As the weather warms up you’d be perfectly within your meteorological rights to ban sweatshirts from your summer wardrobe. However, less speed and more haste should be the order of the day. In this article we take a look at how and why sweatshirts can be worn in the warm.
The first thing you need to bear in mind is to choose a sweatshirt that is made from the right material: you will swelter in the sun if you choose cashmere or wool.
Instead, go for a blend that includes linen or cotton – a Farah sweatshirt, amongst others, is super-breathable and light, which is just the tonic for a warm sunny day.
And if the temperature rises, you can keep a cool head – and body – by wearing an Alpaca – yes Alpaca – http://www.bas-uk.com/alpacapedia/what-are-alpacas cotton sweatshirt blended with silk. It not only offers the perfect summer wear, but it is cool as a cucumber.
Get Your Timing Right
The summer months can be unbearably hot or cool in the extreme. With that in mind, take the following into account:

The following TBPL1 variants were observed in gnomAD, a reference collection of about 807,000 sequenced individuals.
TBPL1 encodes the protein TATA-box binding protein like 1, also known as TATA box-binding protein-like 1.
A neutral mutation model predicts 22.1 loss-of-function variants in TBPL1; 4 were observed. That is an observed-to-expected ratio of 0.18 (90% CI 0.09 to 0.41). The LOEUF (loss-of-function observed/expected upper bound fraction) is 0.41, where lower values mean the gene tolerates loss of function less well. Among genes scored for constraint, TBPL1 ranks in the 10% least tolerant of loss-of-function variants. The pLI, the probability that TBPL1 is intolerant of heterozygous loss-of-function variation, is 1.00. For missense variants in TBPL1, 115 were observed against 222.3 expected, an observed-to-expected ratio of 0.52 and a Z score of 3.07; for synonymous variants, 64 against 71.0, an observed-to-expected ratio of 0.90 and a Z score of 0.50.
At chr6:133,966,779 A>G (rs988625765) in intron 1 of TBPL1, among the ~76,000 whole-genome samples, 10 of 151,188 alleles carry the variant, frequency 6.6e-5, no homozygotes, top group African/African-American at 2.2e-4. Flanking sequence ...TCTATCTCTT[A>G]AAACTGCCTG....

Go sleeveless – cool to touch and made from a light see-through fabric, these sweatshirts from www.ejmenswear.com/men/farah/sweatshirt – look and feel great in the summer.
An open-fronted cardigan creates circulation around your body.
Colours of the rainbow – sweatshirts in lighter, more summery colours give the illusion of light and cool, so avoid dark-coloured tops. Lighter-coloured ones also deflect the heat, whereas dark ones tend to soak it up.
If you are travelling, then it is much easier – and much lighter – to pack a sweatshirt over a jacket. Easier to fold, it will suit the temperature changes in air-conditioned airports and different travel zones.
Sweatshirts are soft and add protection and padding to other items in your suitcase; if you are carrying one in your hand luggage, then they can be easily accessed and also save space as they can be easily rolled up.
Day or Night, Warm or Cold
Summer sweatshirts can be utilised for both day wear and evening wear and can be layered with other items from your wardrobe to suit the rising – or falling – temperature.